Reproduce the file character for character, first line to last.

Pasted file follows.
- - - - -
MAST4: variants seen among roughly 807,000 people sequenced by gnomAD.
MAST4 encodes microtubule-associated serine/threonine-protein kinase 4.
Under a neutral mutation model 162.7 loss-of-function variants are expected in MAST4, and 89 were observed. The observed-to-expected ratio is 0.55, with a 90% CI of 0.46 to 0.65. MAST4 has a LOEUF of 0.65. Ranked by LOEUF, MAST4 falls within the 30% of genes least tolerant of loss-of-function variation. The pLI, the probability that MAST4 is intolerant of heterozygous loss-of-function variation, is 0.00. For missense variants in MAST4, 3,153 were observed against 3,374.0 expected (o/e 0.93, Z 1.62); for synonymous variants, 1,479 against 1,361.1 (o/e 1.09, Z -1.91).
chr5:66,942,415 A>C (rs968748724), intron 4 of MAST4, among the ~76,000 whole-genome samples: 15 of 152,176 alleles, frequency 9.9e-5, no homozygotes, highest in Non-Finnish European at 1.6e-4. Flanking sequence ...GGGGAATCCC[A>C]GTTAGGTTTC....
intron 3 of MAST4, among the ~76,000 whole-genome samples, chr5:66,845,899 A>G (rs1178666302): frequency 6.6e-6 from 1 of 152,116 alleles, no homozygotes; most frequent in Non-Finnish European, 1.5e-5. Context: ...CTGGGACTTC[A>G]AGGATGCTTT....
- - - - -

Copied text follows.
MAST4: variants seen among roughly 807,000 people sequenced by gnomAD.
MAST4 encodes microtubule-associated serine/threonine-protein kinase 4.
Under a neutral mutation model 162.7 loss-of-function variants are expected in MAST4, and 89 were observed. The observed-to-expected ratio is 0.55, with a 90% CI of 0.46 to 0.65. MAST4 has a LOEUF of 0.65. Ranked by LOEUF, MAST4 falls within the 30% of genes least tolerant of loss-of-function variation. The pLI, the probability that MAST4 is intolerant of heterozygous loss-of-function variation, is 0.00. For missense variants in MAST4, 3,153 were observed against 3,374.0 expected (o/e 0.93, Z 1.62); for synonymous variants, 1,479 against 1,361.1 (o/e 1.09, Z -1.91).
chr5:66,942,415 A>C (rs968748724), intron 4 of MAST4, among the ~76,000 whole-genome samples: 15 of 152,176 alleles, frequency 9.9e-5, no homozygotes, highest in Non-Finnish European at 1.6e-4. Flanking sequence ...GGGGAATCCC[A>C]GTTAGGTTTC....
intron 3 of MAST4, among the ~76,000 whole-genome samples, chr5:66,845,899 A>G (rs1178666302): frequency 6.6e-6 from 1 of 152,116 alleles, no homozygotes; most frequent in Non-Finnish European, 1.5e-5. Context: ...CTGGGACTTC[A>G]AGGATGCTTT....